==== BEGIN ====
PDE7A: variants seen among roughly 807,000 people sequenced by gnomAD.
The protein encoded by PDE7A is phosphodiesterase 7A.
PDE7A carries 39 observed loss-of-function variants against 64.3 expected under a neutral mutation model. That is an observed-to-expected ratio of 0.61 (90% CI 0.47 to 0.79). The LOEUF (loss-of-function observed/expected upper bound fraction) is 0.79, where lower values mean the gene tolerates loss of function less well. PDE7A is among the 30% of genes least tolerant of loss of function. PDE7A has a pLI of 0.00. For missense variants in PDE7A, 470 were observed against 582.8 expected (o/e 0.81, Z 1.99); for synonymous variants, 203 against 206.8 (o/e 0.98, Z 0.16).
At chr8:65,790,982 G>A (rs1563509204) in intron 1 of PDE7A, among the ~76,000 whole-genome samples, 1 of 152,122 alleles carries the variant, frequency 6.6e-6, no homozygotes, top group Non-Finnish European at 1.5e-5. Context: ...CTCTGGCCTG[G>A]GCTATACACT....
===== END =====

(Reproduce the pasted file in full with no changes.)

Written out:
PDE7A: variants seen among roughly 807,000 people sequenced by gnomAD.
The protein encoded by PDE7A is phosphodiesterase 7A.
PDE7A carries 39 observed loss-of-function variants against 64.3 expected under a neutral mutation model. That is an observed-to-expected ratio of 0.61 (90% CI 0.47 to 0.79). The LOEUF (loss-of-function observed/expected upper bound fraction) is 0.79, where lower values mean the gene tolerates loss of function less well. PDE7A is among the 30% of genes least tolerant of loss of function. PDE7A has a pLI of 0.00. For missense variants in PDE7A, 470 were observed against 582.8 expected (o/e 0.81, Z 1.99); for synonymous variants, 203 against 206.8 (o/e 0.98, Z 0.16).
At chr8:65,790,982 G>A (rs1563509204) in intron 1 of PDE7A, among the ~76,000 whole-genome samples, 1 of 152,122 alleles carries the variant, frequency 6.6e-6, no homozygotes, top group Non-Finnish European at 1.5e-5. Context: ...CTCTGGCCTG[G>A]GCTATACACT....